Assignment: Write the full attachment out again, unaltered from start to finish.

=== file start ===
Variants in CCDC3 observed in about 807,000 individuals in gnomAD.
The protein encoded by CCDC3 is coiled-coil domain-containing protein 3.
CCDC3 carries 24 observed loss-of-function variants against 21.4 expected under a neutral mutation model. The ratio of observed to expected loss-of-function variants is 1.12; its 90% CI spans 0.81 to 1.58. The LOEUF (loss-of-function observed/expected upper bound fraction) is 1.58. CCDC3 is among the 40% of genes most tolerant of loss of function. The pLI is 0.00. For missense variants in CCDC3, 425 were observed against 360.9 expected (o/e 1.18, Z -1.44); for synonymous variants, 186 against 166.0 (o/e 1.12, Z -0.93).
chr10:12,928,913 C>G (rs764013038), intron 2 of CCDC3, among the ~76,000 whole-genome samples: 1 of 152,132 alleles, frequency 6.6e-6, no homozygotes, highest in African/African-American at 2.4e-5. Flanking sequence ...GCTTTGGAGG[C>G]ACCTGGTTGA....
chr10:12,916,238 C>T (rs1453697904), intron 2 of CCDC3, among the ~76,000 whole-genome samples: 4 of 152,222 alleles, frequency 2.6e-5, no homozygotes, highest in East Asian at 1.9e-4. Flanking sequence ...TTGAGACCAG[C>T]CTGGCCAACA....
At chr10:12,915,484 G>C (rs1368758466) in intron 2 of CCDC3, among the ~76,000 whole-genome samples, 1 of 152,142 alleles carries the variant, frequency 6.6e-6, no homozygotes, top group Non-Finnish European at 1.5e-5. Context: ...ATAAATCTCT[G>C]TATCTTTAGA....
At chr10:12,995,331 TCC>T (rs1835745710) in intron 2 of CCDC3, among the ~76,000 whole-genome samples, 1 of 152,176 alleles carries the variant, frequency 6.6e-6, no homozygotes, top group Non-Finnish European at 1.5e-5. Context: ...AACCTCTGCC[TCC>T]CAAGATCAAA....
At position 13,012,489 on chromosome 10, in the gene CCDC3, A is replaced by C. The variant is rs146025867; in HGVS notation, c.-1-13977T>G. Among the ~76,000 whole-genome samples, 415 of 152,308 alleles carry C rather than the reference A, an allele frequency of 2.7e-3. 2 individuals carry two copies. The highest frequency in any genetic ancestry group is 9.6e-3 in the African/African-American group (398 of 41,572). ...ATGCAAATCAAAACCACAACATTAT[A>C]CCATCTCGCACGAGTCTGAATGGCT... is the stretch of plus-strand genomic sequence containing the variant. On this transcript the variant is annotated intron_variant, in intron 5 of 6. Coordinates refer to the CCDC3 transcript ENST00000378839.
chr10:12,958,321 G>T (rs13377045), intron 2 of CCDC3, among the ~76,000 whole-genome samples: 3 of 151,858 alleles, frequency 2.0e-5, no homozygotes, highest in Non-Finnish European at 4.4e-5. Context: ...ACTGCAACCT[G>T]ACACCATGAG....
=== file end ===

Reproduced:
Variants in CCDC3 observed in about 807,000 individuals in gnomAD.
The protein encoded by CCDC3 is coiled-coil domain-containing protein 3.
CCDC3 carries 24 observed loss-of-function variants against 21.4 expected under a neutral mutation model. The ratio of observed to expected loss-of-function variants is 1.12; its 90% CI spans 0.81 to 1.58. The LOEUF (loss-of-function observed/expected upper bound fraction) is 1.58. CCDC3 is among the 40% of genes most tolerant of loss of function. The pLI is 0.00. For missense variants in CCDC3, 425 were observed against 360.9 expected (o/e 1.18, Z -1.44); for synonymous variants, 186 against 166.0 (o/e 1.12, Z -0.93).
chr10:12,928,913 C>G (rs764013038), intron 2 of CCDC3, among the ~76,000 whole-genome samples: 1 of 152,132 alleles, frequency 6.6e-6, no homozygotes, highest in African/African-American at 2.4e-5. Flanking sequence ...GCTTTGGAGG[C>G]ACCTGGTTGA....
chr10:12,916,238 C>T (rs1453697904), intron 2 of CCDC3, among the ~76,000 whole-genome samples: 4 of 152,222 alleles, frequency 2.6e-5, no homozygotes, highest in East Asian at 1.9e-4. Flanking sequence ...TTGAGACCAG[C>T]CTGGCCAACA....
At chr10:12,915,484 G>C (rs1368758466) in intron 2 of CCDC3, among the ~76,000 whole-genome samples, 1 of 152,142 alleles carries the variant, frequency 6.6e-6, no homozygotes, top group Non-Finnish European at 1.5e-5. Context: ...ATAAATCTCT[G>C]TATCTTTAGA....
At chr10:12,995,331 TCC>T (rs1835745710) in intron 2 of CCDC3, among the ~76,000 whole-genome samples, 1 of 152,176 alleles carries the variant, frequency 6.6e-6, no homozygotes, top group Non-Finnish European at 1.5e-5. Context: ...AACCTCTGCC[TCC>T]CAAGATCAAA....
At position 13,012,489 on chromosome 10, in the gene CCDC3, A is replaced by C. The variant is rs146025867; in HGVS notation, c.-1-13977T>G. Among the ~76,000 whole-genome samples, 415 of 152,308 alleles carry C rather than the reference A, an allele frequency of 2.7e-3. 2 individuals carry two copies. The highest frequency in any genetic ancestry group is 9.6e-3 in the African/African-American group (398 of 41,572). ...ATGCAAATCAAAACCACAACATTAT[A>C]CCATCTCGCACGAGTCTGAATGGCT... is the stretch of plus-strand genomic sequence containing the variant. On this transcript the variant is annotated intron_variant, in intron 5 of 6. Coordinates refer to the CCDC3 transcript ENST00000378839.
chr10:12,958,321 G>T (rs13377045), intron 2 of CCDC3, among the ~76,000 whole-genome samples: 3 of 151,858 alleles, frequency 2.0e-5, no homozygotes, highest in Non-Finnish European at 4.4e-5. Context: ...ACTGCAACCT[G>T]ACACCATGAG....